The Intersection of Nationalism and Anti-Blackness in the Reception of Haitians in Canada

Friday, 20 July 2018: 16:15
Oral Presentation
Carlo CHARLES, York University, Canada
In January 2018, the Canadian PM Justin Trudeau responded to Trump’s immigration ban by stating: “To
those fleeing persecution, terror & war, Canadians will welcome you… Diversity is our strength”. Although this
message was not directed to Haitians, undocumented Haitians who were living in the U.S. under a TPS
represented 80% of the 21 695 asylum claims made in Canada from January to July 2017 (IDC Quebec,
2017). This “massive flow” of Haitians, described as a “refugee crisis” by the right-wing media and white
nationalist anti-immigrant protesters, has forced the Canadian government to shift its welcoming message to a
strictly admonishing and policy-related discourse aiming that “economic refugees” are not entitled to Asylum.
Such a shift contradicts the international image of Canada as a multicultural and inclusive “heaven” for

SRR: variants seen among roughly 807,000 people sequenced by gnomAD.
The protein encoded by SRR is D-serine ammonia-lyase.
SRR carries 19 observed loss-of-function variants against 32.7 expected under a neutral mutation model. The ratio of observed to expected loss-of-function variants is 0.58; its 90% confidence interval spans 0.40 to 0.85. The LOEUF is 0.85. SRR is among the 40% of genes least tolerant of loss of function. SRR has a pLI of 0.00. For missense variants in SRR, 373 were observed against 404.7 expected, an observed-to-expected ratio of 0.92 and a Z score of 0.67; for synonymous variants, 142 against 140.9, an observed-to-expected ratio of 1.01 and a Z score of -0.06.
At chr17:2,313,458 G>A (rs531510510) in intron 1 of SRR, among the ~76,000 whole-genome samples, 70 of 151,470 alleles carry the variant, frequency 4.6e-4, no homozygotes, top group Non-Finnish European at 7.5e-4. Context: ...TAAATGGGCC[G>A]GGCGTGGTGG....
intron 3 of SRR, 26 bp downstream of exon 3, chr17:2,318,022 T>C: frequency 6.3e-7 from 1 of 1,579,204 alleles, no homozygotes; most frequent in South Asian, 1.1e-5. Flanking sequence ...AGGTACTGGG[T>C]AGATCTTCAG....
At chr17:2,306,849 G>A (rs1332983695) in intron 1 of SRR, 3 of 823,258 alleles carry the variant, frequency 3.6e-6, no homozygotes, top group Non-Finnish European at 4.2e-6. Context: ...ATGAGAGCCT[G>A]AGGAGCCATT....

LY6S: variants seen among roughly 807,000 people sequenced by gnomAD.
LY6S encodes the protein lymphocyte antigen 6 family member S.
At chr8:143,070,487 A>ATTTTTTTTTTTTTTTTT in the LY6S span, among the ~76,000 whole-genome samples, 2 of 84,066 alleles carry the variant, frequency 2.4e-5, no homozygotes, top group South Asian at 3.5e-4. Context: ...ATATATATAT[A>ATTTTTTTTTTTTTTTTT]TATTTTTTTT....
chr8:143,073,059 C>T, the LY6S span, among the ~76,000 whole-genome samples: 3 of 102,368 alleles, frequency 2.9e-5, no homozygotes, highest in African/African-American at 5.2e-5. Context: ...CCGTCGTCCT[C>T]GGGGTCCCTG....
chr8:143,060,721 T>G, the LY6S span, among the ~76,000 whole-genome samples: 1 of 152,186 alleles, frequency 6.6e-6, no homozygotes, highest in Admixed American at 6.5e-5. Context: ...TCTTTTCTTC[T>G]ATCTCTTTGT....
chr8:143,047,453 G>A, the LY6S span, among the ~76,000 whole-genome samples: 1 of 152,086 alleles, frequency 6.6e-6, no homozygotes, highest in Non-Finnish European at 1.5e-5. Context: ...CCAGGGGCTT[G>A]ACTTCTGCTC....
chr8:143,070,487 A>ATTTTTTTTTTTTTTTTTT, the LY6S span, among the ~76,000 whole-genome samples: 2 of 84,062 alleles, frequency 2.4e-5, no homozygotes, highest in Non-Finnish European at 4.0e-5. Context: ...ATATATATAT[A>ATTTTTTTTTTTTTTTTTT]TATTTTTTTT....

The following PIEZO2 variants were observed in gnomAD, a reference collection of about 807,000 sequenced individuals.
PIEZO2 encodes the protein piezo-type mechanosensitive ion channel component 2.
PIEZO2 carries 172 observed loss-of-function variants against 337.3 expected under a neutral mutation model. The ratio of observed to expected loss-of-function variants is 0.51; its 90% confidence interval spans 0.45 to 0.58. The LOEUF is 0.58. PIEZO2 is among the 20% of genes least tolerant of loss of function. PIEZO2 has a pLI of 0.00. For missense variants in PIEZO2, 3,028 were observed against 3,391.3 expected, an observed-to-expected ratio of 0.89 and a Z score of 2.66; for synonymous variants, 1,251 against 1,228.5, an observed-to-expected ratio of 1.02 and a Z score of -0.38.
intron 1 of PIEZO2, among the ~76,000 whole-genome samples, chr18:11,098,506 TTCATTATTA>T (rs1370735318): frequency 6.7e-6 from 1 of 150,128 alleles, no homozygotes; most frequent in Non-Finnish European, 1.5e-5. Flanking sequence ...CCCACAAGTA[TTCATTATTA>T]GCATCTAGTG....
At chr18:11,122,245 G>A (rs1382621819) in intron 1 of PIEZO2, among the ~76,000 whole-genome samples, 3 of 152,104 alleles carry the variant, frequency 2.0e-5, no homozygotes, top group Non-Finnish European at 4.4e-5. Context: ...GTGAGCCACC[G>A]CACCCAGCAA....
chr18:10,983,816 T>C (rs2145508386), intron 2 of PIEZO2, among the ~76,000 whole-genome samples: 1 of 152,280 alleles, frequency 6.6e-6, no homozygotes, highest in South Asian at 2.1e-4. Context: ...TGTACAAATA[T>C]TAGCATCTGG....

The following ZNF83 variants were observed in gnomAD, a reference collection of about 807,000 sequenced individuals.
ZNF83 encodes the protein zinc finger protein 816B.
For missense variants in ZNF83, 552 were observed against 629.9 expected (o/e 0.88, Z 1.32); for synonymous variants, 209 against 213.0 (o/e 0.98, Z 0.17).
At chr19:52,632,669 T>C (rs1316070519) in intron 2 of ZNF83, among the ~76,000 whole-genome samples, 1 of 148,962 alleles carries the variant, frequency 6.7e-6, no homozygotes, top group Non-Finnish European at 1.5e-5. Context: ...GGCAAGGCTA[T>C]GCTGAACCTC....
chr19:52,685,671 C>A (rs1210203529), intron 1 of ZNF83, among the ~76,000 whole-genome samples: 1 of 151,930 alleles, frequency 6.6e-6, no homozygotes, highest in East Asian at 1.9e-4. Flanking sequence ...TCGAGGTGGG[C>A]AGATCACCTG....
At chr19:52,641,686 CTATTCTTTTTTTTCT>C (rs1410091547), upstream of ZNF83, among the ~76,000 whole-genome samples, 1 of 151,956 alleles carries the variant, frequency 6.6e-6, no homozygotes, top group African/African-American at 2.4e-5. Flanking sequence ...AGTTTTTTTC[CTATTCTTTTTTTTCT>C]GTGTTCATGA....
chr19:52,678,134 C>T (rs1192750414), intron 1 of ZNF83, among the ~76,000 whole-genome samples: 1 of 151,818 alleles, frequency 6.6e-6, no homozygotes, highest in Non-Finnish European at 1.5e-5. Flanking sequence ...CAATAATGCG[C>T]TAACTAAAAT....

refugees and it places Haitians within a field of representations and policy framework level, which
operationalizes distinctions between “economic migrants” and “refugees” informed by primitivist and orientalist
racisms (Kyriakides 2017).

While primitivist racism in the Global North relies on biological determinism and ideological construction of
black people as “problem population” to categorize Haitians as “economic migrants” (Hall 1986; Eglash 2002),
orientalist racism depicts brown people like Syrians admitted as refugees in the West as “non-threatening
victims to be saved”, (Daniel and Knudsen, 1995; Behrman, 2014; Kyriakides 2017). By focusing on
racialization in reception contexts, methodological nationalism and geopolitical framework, I draw attention to
how the Canadian context operationalizes the two different types of racism when it comes to the reception of
refugees from the South and the East. More importantly, I seek to understand how primitivist and orientalist
racisms shape the way Haitians are represented in juxtaposition to the notion of model minority in the
Canadian racialized vertical mosaic (Porter 1965, Portes & Zhou 1993, Hollifield & al. 1994, Ngo 2016).